Publication Date: Friday, March 05, 2004
Media, peers promote negative body image
Media, peers promote negative body image
(March 05, 2004)
In a society obsessed with physical appearance, it is no surprise that children as young as nine are worrying about their inability to look "perfect."
In fact, almost one-fourth of preteens aged 9-13 have only poor or fair body image, and 80 percent of 10-year-olds have tried dieting. As these children grow older, their obsession with appearance becomes even greater. Sadly, the number one wish of high school girls is to be thinner.
Although girls are more likely than boys to have a negative body image, young men are not spared from the pressures to look a certain way. While girls often wear makeup and go on diets, boys sometimes work out excessively and even take steroids. The pressure on boys to be muscular can be just as great as the pressure on girls to be thin. Body image is an issue among teens regardless of gender.
A female perspective
By Barbara Wright
As a 17-year-old female, there are some pretty rigid societal expectations that I am expected to live up to in order to be considered attractive. I have to be thin, well-developed, have clear skin and shave my legs. Basically, I can't be my natural self.
Who makes these rules? The media creates many standards of beauty. In the Middle Ages, obesity was considered attractive. They also didn't have TVs or magazines in the Middle Ages!
Some people say that the media purposefully creates a market based on unattainable desires. By promoting an image that is far from natural, the desirability of products is increased based on the notion that "normal" people must buy these products in order to be as attractive as media icons.
Only 7 percent of women are naturally built like catwalk models. The other 93 percent of us must spend our money in an attempt to look like that 7 percent. The diet industry alone makes more than $30 billion in revenue each year. That's $30 billion spent by people who are trying to look a particular way.
The media capitalizes on this weakness in its regular programming. There was a show on television called "Hot or Not" that judged people based solely on their physical attractiveness. Not only did the judges dole out numbered ratings of the contestants' features, but they also nitpicked them and insulted their tiniest flaws. The fact that this show had high enough ratings to complete an entire season proves how focused our society is on attractiveness and how negative we are toward those who do not fit our slimness standards.
Two young women have admitted to me that they have forced themselves to throw up. One does this on a regular basis. All of my friends have complained about their bodies at one point or another, commenting that their thighs were too big or their breasts were too small. There are very few young females who are completely satisfied with their natural bodies, and even fewer that have always been that way.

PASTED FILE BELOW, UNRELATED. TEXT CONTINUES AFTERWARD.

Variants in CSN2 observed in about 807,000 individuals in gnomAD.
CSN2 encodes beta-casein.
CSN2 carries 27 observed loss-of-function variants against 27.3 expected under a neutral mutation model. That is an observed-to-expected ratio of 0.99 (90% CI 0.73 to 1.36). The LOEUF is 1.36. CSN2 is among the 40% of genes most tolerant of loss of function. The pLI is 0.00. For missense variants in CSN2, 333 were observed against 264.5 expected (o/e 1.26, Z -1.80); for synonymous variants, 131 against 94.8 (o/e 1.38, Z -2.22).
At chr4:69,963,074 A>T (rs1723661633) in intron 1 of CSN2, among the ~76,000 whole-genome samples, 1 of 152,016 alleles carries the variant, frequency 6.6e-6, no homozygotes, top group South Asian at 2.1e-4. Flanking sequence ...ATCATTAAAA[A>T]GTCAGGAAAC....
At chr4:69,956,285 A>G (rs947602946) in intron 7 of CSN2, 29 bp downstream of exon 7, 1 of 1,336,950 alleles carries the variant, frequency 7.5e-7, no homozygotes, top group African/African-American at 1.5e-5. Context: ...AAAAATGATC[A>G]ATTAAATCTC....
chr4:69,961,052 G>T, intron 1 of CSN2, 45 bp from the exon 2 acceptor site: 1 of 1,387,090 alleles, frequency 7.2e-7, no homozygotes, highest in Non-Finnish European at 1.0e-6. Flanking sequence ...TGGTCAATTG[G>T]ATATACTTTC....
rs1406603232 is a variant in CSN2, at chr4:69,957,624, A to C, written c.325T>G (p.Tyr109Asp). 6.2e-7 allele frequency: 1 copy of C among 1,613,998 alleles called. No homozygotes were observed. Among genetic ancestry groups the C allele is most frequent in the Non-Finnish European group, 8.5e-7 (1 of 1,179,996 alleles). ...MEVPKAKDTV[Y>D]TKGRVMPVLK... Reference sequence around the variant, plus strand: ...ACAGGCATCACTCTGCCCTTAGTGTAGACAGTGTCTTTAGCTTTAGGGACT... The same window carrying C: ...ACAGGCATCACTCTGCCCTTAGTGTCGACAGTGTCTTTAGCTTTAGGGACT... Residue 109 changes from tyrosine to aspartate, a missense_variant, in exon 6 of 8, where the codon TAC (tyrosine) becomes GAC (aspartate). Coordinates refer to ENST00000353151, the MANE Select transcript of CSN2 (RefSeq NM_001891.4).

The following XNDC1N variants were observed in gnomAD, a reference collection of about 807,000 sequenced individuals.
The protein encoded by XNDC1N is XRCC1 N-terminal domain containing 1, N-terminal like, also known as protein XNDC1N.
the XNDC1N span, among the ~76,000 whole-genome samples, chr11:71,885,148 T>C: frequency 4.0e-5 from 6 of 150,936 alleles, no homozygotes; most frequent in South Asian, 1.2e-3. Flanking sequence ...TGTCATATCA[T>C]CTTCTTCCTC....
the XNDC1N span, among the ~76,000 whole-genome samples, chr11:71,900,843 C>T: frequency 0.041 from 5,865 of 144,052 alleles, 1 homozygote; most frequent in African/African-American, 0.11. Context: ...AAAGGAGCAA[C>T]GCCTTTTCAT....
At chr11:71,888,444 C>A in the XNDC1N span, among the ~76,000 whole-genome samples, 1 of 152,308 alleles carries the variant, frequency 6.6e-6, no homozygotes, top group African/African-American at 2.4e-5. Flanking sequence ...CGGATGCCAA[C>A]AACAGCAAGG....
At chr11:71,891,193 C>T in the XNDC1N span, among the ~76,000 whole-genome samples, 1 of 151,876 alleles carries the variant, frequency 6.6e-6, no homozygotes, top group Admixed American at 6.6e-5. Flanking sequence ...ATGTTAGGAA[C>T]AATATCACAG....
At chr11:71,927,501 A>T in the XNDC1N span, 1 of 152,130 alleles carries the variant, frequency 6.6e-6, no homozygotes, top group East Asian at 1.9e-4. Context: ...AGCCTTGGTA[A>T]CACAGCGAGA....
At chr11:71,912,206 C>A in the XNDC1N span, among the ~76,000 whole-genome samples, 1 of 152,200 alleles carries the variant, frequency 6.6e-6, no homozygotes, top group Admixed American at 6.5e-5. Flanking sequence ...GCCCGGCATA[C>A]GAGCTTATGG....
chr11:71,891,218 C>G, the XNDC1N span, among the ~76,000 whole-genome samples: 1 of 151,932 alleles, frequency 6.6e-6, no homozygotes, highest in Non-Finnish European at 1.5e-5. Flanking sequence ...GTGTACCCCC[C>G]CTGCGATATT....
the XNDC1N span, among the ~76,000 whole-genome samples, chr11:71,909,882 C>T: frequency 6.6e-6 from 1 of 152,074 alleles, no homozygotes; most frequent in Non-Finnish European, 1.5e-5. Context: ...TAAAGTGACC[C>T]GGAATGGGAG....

Another reason for our society's fixation on appearance is our need to impress others. It is when we value another person's opinion of our looks that we put on the most makeup and spend the most time selecting our clothing. Most women will spend time getting ready if they know they are going out and might be seeing people. An afternoon of chores around an empty house, however, probably would not necessitate any time in front of a mirror.
When there is no one to impress, we feel much less need to be attractive by society's standards. I am completely willing to go downstairs and eat breakfast with my family straight out of bed, messy hair and uncovered pimples and all. It is a much different case, though, when this family breakfast is at a restaurant where I might run into people I know.
Bodies should serve as a casing for what is beneath the skin: our minds, hearts and souls. However, our society has switched these roles, making our bodies the primary focus while our personas are often overlooked.
Barbara Wright is a senior at Los Altos High School.
A male perspective
By Kevin James
In our day and age, females go through more dilemmas than boys do. Most males experience few to no physical appearance problems. Some males feel pressure not only from the media but also from the opposite sex.
However, most males could care less about what the media shows as long as they still appear attractive to females.
Some males may take steroids to bulk up and try to gain more muscle definition.
But males rarely suffer from eating disorders where they may not eat as much or possibly at all. I have never heard of a case where a male eats his food and then throws it up. The media plays a role in male body image, but not as much as it does for females. Males don't usually look at other males in ads. The media's influence is not that great for me or for any of the males I know.
Kevin James is a sophomore at Bellarmine Preparatory School.
Did you know:
32.9 percent of Santa Clara County teens consider themselves overwieght?
7.2 percent of county teens have taken diet supplements without a doctor's permission?
6 percent of teens have forced themselves to throw up or taken laxatives to lose weight?
31 percent of the nation's ninth and 11th graders watch two or more hours of television a day?
Models weigh 23 percent less than average women?
69 percent of girls said magazine models influence their idea of a perfect body?
75 percent of "normal" weight women think they are overweight
One-third of teenage girls try smoking as a weight-loss method?
All statistics were provided by the Lucille Packard Foundation for Children's Health and Mediascope.
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